For over a month, lakhs of farmers from Punjab and Haryana have been camped on Delhi’s borders in one of the largest agrarian protests in India’s history, while talks with the government on withdrawing three farm laws that deregulate the sector persist. At the other end of the country, over the past six years, the agrarian system in Telangana has seen major systemic shifts, after the formation of the state under chief minister K Chandrashekhar Rao.
A major change KCR introduced was a direct income subsidy for farmers, called Rythu Bandhu. Alongside, his government greatly increased water availability for farming through the building of several large dams. The government also directed farmers to grow fine rice varieties and other water and fertiliser intensive crops. Contrary to KCR’s projections, this reduced the income of farmers as the new glut in fine rice varieties struggle to find a viable and remunerative market.
GV Ramanjaneyulu is an agricultural scientist who has researched and written extensively on public-policy issues impacting food systems and farmers livelihoods. Tushar Dhara, a reporting fellow with The Caravan, spoke to Ramanjaneyulu, the executive director of the Centre for Sustainable Agriculture—an independent agriculture research organisation based in Hyderabad—about the results of KCR’s agricultural policy. They discussed how the three farm laws would impact farmers in Telangana who are going through a marketing crisis, and the distinct lack of farmers’ protests in the state.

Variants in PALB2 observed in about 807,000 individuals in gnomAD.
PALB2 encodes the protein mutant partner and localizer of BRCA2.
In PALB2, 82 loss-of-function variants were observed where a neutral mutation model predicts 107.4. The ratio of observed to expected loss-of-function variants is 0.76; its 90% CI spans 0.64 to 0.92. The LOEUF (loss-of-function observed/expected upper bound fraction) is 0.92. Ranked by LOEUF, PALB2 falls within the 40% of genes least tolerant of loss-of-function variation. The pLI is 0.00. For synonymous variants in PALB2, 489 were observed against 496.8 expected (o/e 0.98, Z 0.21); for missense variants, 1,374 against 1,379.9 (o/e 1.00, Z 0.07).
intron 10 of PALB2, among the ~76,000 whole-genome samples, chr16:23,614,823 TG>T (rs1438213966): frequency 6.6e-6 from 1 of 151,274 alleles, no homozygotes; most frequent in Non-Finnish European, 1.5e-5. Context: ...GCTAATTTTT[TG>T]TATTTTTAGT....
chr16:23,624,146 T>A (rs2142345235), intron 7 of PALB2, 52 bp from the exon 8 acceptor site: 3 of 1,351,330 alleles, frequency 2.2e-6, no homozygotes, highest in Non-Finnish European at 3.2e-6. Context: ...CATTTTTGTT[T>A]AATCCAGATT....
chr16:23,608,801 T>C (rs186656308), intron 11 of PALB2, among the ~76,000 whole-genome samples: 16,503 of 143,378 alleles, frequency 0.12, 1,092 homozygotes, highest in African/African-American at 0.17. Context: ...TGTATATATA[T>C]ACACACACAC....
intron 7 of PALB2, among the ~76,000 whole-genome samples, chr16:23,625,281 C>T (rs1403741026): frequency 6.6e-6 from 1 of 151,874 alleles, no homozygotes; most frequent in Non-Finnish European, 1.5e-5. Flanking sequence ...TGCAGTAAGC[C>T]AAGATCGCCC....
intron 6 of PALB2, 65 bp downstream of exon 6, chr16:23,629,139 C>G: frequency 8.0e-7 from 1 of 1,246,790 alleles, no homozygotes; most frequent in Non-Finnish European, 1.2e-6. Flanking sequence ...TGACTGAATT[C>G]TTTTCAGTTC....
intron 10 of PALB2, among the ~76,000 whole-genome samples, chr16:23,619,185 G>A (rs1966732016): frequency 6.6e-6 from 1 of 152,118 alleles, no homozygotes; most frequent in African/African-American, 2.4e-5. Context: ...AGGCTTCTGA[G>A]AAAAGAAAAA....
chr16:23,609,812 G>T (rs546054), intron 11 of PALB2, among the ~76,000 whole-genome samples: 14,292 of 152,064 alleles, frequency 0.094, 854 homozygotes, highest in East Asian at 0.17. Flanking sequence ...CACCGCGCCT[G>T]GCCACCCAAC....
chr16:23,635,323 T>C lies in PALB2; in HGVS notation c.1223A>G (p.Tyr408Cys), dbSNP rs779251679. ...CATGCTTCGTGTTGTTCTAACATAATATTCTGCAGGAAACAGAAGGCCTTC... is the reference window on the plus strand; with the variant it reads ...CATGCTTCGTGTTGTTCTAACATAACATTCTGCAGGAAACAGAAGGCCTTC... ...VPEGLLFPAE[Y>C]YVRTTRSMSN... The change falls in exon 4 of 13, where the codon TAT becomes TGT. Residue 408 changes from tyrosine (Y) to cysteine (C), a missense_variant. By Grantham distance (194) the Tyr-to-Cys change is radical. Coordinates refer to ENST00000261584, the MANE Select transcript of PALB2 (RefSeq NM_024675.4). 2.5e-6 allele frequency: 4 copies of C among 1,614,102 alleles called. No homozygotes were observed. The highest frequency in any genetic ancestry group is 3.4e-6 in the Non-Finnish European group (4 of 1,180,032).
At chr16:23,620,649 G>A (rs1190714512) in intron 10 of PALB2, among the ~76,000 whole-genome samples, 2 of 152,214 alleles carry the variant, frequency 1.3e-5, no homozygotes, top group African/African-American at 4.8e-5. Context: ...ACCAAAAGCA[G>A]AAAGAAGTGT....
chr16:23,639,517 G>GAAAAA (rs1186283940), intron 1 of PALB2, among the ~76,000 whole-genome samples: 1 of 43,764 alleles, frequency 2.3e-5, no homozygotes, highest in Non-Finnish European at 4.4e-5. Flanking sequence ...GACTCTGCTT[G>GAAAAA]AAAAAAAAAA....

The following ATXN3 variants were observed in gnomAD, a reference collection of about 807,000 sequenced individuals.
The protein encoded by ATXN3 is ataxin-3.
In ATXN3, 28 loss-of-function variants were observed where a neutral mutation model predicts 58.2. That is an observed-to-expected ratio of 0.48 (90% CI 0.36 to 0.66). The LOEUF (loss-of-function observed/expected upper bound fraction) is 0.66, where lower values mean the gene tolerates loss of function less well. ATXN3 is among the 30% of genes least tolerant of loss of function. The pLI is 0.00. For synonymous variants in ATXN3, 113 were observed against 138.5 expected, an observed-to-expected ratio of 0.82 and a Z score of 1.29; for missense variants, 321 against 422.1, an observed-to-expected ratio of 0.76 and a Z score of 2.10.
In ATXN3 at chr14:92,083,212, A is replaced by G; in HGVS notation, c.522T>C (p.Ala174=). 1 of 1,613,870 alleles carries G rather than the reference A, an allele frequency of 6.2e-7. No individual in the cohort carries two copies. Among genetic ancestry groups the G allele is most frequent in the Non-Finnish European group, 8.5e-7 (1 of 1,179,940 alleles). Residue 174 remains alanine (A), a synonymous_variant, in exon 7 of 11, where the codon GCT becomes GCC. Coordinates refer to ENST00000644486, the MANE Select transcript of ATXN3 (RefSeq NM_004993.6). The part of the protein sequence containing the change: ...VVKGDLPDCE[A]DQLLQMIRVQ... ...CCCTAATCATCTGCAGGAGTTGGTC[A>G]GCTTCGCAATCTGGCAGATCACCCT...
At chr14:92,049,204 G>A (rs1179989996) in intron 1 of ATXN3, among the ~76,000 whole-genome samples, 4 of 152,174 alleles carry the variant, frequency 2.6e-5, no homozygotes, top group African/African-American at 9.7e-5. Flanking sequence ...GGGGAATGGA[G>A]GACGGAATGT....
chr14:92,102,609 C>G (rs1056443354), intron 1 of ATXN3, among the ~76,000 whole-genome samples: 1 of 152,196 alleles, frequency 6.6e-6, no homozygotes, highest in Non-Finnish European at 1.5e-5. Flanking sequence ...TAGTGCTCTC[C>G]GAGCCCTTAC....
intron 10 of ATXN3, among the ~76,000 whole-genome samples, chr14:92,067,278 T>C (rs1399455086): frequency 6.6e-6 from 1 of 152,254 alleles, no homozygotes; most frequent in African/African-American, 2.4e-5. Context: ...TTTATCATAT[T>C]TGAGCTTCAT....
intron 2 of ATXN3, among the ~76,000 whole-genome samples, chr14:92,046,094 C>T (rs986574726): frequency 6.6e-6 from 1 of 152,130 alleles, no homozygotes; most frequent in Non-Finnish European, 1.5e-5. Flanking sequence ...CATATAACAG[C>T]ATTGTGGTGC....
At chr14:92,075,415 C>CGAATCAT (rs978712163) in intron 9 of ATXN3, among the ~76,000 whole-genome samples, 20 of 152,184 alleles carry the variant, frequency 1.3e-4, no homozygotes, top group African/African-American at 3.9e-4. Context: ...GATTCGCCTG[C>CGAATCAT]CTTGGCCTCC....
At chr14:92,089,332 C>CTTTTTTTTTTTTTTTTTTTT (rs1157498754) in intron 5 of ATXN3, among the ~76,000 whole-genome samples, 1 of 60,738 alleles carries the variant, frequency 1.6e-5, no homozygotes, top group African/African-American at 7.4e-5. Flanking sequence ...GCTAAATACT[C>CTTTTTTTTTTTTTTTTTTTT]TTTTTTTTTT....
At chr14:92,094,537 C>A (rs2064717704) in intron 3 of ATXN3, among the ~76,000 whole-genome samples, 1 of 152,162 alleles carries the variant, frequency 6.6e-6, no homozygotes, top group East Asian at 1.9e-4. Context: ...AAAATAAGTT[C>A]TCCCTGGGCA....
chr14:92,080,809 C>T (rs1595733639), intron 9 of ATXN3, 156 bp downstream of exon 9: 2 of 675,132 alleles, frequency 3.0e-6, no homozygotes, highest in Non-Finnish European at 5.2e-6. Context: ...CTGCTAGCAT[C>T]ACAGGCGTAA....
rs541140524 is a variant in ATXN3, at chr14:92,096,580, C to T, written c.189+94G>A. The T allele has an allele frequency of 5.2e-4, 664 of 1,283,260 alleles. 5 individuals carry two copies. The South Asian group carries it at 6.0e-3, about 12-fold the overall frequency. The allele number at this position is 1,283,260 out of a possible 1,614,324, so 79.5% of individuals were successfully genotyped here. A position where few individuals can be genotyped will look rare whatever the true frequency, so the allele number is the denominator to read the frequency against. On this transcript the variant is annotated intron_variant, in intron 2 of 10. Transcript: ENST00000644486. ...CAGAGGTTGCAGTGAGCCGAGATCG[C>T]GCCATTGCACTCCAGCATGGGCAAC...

Tushar Dhara: Can you give a brief overview of how agricultural policy in Telangana has evolved over the last six years?
GV Ramanjaneyulu: The main focus since the state came into existence in 2014 was to increase the water supply to agriculture. The assumption was that if the area under irrigation can be increased then you will have better cropping patterns. The government acquired land to build dams, despite the fact that Telangana is located on the Deccan plateau, so you cannot have gravity dams. You need lift-irrigation dams, which have huge energy requirements to lift water and supply it. Lift irrigation dams also displace people. A lot of farmland was acquired for irrigation projects. Today we have the Kaleshwaram dam being built in Telangana. This was the first problem, the assumption that by increasing irrigation, all problems in agriculture can be solved. The energy cost and environmental impact of holding so much water was not calculated.
Secondly, when some water became available, the state encouraged paddy cultivation. That is the second big mistake the government made. The assumption is that paddy is an easy crop to grow and there is procurement, in terms of the central government’s minimum support price. The state also probably wanted to recreate the lush green paddy belt of coastal Andhra in Telangana. All this pushed the government to increase the area under paddy, and to a lesser extent, cotton.